The Angelus

Volume 15, Number 37


Some years ago I realized I would always be learning something about the Bible that I didn’t know before. This kind of discovery can happen while I am reading an academic commentary. More often it happens when I am listening to lessons being read at Morning or Evening Prayer. Just this morning I heard again the story of King David arranging the murder of Uriah the Hittite (2 Samuel 11:1-27). I heard something new. I heard in a new way how David plotted to do evil, to become a murderer.

This new king, born a shepherd, had many wives, many concubines and many, many children. None of that is a problem or a sin in the Old Testament narrative. But adultery and murder were sins, both punishable by death (Leviticus 20:10, 24:17).

One day David sees a woman, Bathsheba, bathing while he walked on the roof of his house. He sends for her. Her husband Uriah is away, fighting in David’s army. When she becomes pregnant, David sends word for Uriah to return to Jerusalem.

David tries to cover up the pregnancy, first by sending Uriah home for the night so Uriah can be with his wife. Instead, Uriah spends the night with his fellow soldiers. The next night David goads Uriah to drink so much that Uriah becomes drunk. Uriah still did not return home to his wife. Finally, David writes a letter to his army commander and sends Uriah himself back to the army with the letter. In it David ordered that Uriah be put in the front of the fighting, and he orders that once the battle has started the commander is to pull back so that Uriah on the front line will be killed. Uriah is killed. It is a murder by a king. Before the baby was born David married Bathsheba.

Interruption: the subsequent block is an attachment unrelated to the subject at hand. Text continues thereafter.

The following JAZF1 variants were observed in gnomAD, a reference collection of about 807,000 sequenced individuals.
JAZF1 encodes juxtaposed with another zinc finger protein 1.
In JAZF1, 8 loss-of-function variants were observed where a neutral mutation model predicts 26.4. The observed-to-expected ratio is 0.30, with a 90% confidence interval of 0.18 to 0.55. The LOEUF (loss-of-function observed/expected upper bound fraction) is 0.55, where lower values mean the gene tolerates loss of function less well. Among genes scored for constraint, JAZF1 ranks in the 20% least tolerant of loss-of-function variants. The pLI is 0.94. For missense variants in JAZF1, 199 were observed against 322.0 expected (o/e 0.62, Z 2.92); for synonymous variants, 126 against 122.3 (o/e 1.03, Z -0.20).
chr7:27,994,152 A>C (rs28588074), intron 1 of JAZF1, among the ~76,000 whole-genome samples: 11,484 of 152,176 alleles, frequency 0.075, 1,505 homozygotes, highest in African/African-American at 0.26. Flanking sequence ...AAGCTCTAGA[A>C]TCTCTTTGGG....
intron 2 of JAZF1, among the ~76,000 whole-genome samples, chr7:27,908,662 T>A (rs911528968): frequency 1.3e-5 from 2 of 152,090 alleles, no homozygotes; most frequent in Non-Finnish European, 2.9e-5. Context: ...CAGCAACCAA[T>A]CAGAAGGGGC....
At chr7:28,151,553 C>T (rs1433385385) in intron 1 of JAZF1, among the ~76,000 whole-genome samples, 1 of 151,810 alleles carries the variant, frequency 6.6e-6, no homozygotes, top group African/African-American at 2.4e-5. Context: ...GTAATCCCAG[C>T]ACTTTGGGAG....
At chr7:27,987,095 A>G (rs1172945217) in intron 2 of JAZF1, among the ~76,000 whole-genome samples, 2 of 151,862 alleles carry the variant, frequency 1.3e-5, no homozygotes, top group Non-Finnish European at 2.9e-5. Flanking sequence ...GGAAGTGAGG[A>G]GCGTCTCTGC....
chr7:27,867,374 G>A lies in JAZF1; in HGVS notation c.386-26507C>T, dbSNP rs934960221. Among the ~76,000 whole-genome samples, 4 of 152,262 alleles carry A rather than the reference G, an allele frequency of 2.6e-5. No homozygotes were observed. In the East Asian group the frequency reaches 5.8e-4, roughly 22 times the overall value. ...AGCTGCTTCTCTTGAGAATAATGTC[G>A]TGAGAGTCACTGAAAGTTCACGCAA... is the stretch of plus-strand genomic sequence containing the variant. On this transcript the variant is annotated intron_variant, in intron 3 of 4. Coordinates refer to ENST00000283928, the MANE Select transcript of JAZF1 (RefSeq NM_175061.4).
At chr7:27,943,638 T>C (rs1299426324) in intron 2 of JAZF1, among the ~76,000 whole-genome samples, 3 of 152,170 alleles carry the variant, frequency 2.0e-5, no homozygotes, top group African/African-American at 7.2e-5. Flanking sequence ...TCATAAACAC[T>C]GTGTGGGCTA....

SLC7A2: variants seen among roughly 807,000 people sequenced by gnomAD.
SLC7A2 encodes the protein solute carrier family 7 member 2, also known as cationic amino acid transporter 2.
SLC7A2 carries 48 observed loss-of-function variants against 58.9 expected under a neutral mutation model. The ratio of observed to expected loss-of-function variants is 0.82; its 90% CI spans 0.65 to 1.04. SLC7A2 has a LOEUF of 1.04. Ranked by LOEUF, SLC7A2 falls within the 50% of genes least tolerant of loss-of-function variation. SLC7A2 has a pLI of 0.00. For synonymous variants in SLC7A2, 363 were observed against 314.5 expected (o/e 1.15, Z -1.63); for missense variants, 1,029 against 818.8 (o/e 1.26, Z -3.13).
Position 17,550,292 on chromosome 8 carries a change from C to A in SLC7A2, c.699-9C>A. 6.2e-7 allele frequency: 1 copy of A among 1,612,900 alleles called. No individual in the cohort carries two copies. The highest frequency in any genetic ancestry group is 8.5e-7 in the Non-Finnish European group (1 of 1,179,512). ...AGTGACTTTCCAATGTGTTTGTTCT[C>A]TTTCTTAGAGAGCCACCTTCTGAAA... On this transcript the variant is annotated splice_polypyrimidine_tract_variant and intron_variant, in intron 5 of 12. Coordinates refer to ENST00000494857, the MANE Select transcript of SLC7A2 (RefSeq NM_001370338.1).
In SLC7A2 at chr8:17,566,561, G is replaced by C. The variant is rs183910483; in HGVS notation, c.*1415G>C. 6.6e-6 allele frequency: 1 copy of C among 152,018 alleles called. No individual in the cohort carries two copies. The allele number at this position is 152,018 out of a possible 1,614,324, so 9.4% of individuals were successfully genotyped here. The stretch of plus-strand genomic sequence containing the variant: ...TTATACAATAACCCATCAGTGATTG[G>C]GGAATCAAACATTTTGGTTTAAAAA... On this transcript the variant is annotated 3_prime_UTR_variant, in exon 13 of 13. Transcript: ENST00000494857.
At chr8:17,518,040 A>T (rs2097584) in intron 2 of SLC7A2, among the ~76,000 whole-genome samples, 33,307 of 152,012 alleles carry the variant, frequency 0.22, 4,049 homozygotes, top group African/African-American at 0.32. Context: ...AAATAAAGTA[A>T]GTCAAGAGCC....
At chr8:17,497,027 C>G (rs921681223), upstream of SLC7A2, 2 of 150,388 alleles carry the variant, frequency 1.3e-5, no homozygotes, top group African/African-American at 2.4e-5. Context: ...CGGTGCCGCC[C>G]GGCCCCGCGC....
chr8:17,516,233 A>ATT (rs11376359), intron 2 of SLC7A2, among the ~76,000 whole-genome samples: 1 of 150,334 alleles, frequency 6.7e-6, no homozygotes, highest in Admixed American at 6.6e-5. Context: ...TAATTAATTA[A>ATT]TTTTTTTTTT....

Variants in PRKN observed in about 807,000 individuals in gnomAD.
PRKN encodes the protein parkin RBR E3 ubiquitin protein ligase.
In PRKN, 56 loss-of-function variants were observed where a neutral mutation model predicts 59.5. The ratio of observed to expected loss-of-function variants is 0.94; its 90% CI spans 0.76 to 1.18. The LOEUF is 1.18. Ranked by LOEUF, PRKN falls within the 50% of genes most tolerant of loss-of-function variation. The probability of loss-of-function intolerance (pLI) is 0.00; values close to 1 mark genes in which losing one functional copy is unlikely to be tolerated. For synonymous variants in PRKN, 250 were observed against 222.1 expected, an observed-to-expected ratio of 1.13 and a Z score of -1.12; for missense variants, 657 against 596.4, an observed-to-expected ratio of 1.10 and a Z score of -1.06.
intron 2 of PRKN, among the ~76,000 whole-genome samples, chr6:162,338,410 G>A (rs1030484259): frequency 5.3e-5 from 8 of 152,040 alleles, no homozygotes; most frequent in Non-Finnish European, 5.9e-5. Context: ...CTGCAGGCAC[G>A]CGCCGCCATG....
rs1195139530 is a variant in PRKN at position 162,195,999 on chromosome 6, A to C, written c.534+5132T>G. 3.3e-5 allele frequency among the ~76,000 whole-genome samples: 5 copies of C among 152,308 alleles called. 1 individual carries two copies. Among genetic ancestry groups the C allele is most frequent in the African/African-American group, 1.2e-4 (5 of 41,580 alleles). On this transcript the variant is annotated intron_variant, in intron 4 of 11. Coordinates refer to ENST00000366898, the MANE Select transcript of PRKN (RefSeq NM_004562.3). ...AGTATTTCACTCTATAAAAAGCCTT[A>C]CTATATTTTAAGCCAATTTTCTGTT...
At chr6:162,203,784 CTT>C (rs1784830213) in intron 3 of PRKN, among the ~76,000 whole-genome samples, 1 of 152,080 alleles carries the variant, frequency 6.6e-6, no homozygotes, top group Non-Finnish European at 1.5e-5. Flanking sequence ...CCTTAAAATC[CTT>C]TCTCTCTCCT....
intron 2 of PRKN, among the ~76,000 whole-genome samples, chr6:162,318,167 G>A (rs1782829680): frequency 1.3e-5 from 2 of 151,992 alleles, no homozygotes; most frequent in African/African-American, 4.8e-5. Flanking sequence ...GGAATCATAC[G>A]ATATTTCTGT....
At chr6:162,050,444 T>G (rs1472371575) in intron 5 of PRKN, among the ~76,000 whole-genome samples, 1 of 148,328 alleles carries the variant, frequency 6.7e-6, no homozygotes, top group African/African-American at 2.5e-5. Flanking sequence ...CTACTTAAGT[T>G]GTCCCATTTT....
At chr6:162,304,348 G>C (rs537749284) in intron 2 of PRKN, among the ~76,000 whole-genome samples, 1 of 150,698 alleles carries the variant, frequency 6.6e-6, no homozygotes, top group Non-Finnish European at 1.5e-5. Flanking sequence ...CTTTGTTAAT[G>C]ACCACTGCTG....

David and Bathsheba are punished in this way: Nathan the prophet announces to them that their son will die after he is born. And so it happens. But it gets worse, at least to my sense of right and wrong. When the child dies, “David comforted his wife, Bathsheba, and went in to her, and lay with her; and she bore a son, and he called his name Solomon” (2 Samuel 12:24). Even more so than with Cain (Genesis 4:1-16), God continues greatly to bless David.

I confess that I don’t understand the continuing charm, if you will, of David. I note that The New Oxford Annotated Bible: An Ecumenical Study Edition [1973] labels the story of this murder in this way: “Second campaign against Ammon; David wrongs [my emphasis] Uriah.” Wrongs? I just don’t get it. But it is the kind of world view, ancient and modern, into which another king was born, the child of Mary.

We know far more about David’s life than we do about Jesus or Mary’s life. Into this unknowing, the Church has continued to grow in faith before the mystery of God’s goodness. I believe the mystery of good is a greater reality than the knowledge we have of evil.

This week we will be celebrating the Assumption of the Virgin Mary. This August 15 celebration is the oldest commemoration of Mary that we know about. Reviewing current research, Paul Bradshaw and Maxwell Johnson conclude that it probably emerged in Jerusalem in the fifth century and it was related to the celebration in Jerusalem of Jesus’ birth. The same kind of thing happened in Rome, where January 1 remains the Feast of Mary, the Mother of God (The Origins of Feasts, Fasts and Seasons in Early Christianity [2011] 207-10). In other words, devotion to Mary evolved from the Church’s convictions about Christ and whatever true memory the Christian community may have had of her and her life.

Certainly Mary is very much there in Luke’s gospel. Bradshaw and Johnson suggest the angel’s salutation to Mary, “Hail, O favored one, the Lord is with you!” (Luke 1:28), may well be an early Christian text (Origins, 200). In Luke, Elizabeth calls Mary, “the mother of my Lord” (Luke 1:43).